1864. Maharaja Duleep Singh and Maharani Bamba had six children,
Victor Albert Jay Duleep Singh, Fredrick Victor Duleep Singh, Bamba
Sofia Jindan Duleep Singh, Catherine Hilda Duleep Singh, Sofia Alexandra
Duleep Singh and Albert Edward Alexander Duleep Singh, born between
the years 1866 and 1879.
The Maharaja now lived in the extravagant style of Victorian English
nobility. He loved art; he was an accomplished musician, was fond
of the theatre, of hunting and of hawking. He came to be known as
one of the best shots in Britain and entertained the greatest in
the land, including the Prince of Wales.
Maharajah requests acount of his Fathers
Living beyond his means, the Maharaja incurred heavy debts.
He sought from the India Office enhancement of his allowances. At
the instance of his mother Maharani Jind Kaur, Malika Muqaddisa
(the holy queen mother) of the regency days, he claimed from the
British lands which belonged to the family prior to the installation
of his father as king of Lahore. Under her influence, Duleep Singh
was also gradually estranged from what had become his natural English
style. The question of his private properties he pursued to the
To prepare a detailed list of his ancestral estates, Duleep Singh
sent his solicitor, Mr Talbot of Farrer and Co., to India. He also
invited his collateral Thakur Singh Sandhanvalia to visit him in
England. Reaching London in 1884, Thakur Singh stayed with the Maharaja,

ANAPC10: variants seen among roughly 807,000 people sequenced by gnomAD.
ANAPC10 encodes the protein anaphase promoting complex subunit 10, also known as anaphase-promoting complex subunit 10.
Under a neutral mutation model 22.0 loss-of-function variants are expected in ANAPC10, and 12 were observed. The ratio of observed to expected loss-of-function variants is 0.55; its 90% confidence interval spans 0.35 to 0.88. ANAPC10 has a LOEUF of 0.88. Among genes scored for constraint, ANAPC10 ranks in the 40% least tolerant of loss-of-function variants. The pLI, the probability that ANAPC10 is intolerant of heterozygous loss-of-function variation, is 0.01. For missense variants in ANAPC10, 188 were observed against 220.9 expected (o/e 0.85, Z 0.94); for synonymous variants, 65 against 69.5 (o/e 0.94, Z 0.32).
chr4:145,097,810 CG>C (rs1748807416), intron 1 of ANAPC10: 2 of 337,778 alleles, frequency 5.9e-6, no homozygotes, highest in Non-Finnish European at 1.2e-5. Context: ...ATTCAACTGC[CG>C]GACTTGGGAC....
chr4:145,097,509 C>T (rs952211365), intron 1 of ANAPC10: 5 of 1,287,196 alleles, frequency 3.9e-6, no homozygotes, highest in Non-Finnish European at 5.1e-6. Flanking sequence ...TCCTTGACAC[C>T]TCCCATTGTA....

then putting up at Holland Park. He daily read out from the holy
Guru Granth Sahib to the Maharaja and instructed him in the tenets
of the Sikh faith. Thakur Singh had brought with him a document
signed by the custodians of the Sikh Takhts (the highest ecclesiastical
seats) in India confirming the prophecies about Duleep Singh's
restoration to the throne of the Punjab. These prophecies, attributed
to Guru Gobind Singh himself, announced in crisp, aphoristic Punjabi:
"He [Duleep Singh] will drive his
elephant throughout the world ... Dissensions will arise at Calcutta
and quarrels will be in every home. Nothing will be known for 12
years. Then will rise the Khalsa whom the people of four castes
will like .... Fighting will take place near Delhi .... When Delhi
remains 15 kos away, the king will cease. Duleep Sdngh will sit
on the throne and all people will pay him homage."
Duleep Singh Decides
to return to his Motherland
When in August 1885, Thakur Singh Sandhanvalia returned to the Punjab,
Duleep Singh gave him Rs 1,000 for distribution of karahprasad,
the Sikh ritual food, at the Golden Temple, Amritsar.
The Maharaja himself decided to return
to his motherland and left England on 31 March 1886 to settle down
quietly in Delhi. He invited Thakur Singh to meet him at Bombay
and arrange for his reinitiation into Sikhism. As the government
was reluctant to permit Thakur Singh to receive him, Duleep Singh
wrote to the Secretary of State:
As my cousin, Sardar Thakur Singh
Sandhanwalia, informs me that he fears permission will not be accorded
him to go to Bombay by the Liutenant-Governor of Punjab, and as
I particularly desire to be rebaptized into the faith of my ancestors
by some relative of my own, may I therefore beg your Lordship kindly
to request His Excellency by telegraph on my behalf or permit me
to do so, that the Sardar be allowed to meet me on reaching India.
Duleep Singh Stopped from going to the
Duleep Singh's Rebaptism into Sikhism
The news of Duleep Singh's likely return sent a thrill of expectation
across the Punjab. The government warily stopped him at Aden. This
was the advice it had from one of its leading Sikh supporters Mahamahopadhyaya
Sardar Sir Attar Singh of Bhadaur. Stung by this insult, Duleep
Singh resigned his allowance and forswore fealty to the British
crown. One favour he sought was that the government continue payment
of pound 500 each annually to the widows, respectively, of his superintendent,
Login, and Comptroller, Oliphant.
On 3 June 1886, he left for Paris. But before